Abstract:
Honeybees are the planet’s number one pollinator and, therefore, essential for our agricultural economy because plants depend on them for reproduction. Unfortunately, many health disorders can plague and devastate bee colonies. In the past five years, the small hive beetle (SHB) (Aethina tumida) has become a widespread problem, particularly in the Southeast. In Alabama, this menacing insect is now one of the most common invaders of bee colonies. While beekeepers have used a variety of non-toxic traps or chemical treatments to control SHB, it is also likely that honeybees have natural stress defenses. One possible chemical defense is hydrogen peroxide, produced by glucose oxidase, an enzyme secreted by bees into their honey. Previous observations (“The Effect of Honeybee Pathogens on H202 Content and Glucose Oxidase Activity in Honey”. Science Fair 2008) revealed that honey hydrogen peroxide concentrations were highest in beehives that had small hive beetle (SHB).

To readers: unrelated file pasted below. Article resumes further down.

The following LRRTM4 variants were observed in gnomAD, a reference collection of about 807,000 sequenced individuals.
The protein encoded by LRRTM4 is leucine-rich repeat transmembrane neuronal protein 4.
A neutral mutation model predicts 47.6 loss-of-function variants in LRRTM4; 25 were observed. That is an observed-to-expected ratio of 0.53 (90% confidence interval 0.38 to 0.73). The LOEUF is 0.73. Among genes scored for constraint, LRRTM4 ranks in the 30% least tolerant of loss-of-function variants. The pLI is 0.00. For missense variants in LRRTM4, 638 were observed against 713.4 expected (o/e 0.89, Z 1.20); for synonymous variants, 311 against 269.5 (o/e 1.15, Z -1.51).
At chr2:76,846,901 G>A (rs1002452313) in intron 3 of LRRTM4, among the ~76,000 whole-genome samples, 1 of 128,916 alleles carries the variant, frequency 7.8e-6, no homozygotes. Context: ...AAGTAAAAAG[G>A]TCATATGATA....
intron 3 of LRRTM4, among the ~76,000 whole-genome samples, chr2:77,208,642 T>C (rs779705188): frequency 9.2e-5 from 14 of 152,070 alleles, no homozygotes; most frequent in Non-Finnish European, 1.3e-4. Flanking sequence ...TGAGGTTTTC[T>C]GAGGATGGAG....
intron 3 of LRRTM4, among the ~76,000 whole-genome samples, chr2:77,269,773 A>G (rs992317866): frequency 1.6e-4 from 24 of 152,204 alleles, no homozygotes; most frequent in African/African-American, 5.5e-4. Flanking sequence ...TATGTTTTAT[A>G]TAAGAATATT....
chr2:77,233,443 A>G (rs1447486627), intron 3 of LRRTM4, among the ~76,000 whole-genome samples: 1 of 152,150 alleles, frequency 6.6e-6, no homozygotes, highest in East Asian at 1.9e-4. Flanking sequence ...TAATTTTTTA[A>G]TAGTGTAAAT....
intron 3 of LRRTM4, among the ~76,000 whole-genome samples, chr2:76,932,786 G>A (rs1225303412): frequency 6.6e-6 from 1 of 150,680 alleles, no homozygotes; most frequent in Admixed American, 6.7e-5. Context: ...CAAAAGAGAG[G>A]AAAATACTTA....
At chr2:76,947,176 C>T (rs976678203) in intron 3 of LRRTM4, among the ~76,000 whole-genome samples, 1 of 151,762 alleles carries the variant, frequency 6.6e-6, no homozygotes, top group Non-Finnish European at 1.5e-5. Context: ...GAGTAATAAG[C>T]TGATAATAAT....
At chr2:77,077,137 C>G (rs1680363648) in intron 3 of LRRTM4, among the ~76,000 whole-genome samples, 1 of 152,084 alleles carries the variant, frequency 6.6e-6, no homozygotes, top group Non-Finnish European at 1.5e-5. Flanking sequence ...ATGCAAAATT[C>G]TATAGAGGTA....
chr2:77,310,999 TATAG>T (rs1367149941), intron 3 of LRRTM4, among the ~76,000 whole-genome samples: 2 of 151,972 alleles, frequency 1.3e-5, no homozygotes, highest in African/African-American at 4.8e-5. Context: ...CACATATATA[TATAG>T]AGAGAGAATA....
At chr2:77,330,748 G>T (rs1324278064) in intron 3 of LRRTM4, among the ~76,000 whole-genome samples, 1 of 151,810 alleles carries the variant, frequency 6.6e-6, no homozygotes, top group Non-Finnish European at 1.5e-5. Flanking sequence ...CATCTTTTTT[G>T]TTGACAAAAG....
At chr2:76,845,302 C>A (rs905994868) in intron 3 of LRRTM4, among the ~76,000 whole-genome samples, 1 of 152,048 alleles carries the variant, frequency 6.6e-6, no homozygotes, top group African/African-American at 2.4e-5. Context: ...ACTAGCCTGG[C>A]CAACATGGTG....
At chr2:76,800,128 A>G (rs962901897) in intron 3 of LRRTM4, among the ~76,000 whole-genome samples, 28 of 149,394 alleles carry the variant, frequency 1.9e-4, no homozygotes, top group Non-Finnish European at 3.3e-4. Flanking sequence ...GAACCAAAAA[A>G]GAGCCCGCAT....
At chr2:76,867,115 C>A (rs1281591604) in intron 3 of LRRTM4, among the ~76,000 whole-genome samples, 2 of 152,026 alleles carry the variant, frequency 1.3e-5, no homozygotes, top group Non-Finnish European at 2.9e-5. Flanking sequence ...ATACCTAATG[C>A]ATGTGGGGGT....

The hypothesis that higher hydrogen peroxide concentrations in honey may decrease SHB survival was tested. Groups of 3-5 SHB were incubated at room temperature in containers with cut comb, pollen, and experimental honey for up to 3 months. Nine different experimental H202 concentrations (ranging from 0 mg/ ml to 6000mg/ ml) were added to two different types of honey, natural (raw) versus store-bought. Furthermore, two specific controls were included: 1) a positive control in which the honey was heated to denature protein (enzymes) prior to adding 1600 mg/ ml H202, and 2) a negative control in which honey was pre-incubated with excess catalase to remove native H2O2. Results showed decreased SHB survival after 14 days at concentrations above 1600 mg/ ml H202. By 22-28 days, reduced survival was apparent at 400-800 mg/ ml. At 98 days, all groups showed beetle death, with concentrations above 100 mg/ ml being severely affected. Furthermore, qualitatively, at the lowest concentrations (between 0mg/ ml and 100 mg/ml) beetles showed the most feeding activity as evidenced by feces and chewed combs bits. There was no difference in survival regarding the two honey types. In conclusion, these results suggest that honey H202 may be a natural long-term defense against SHB.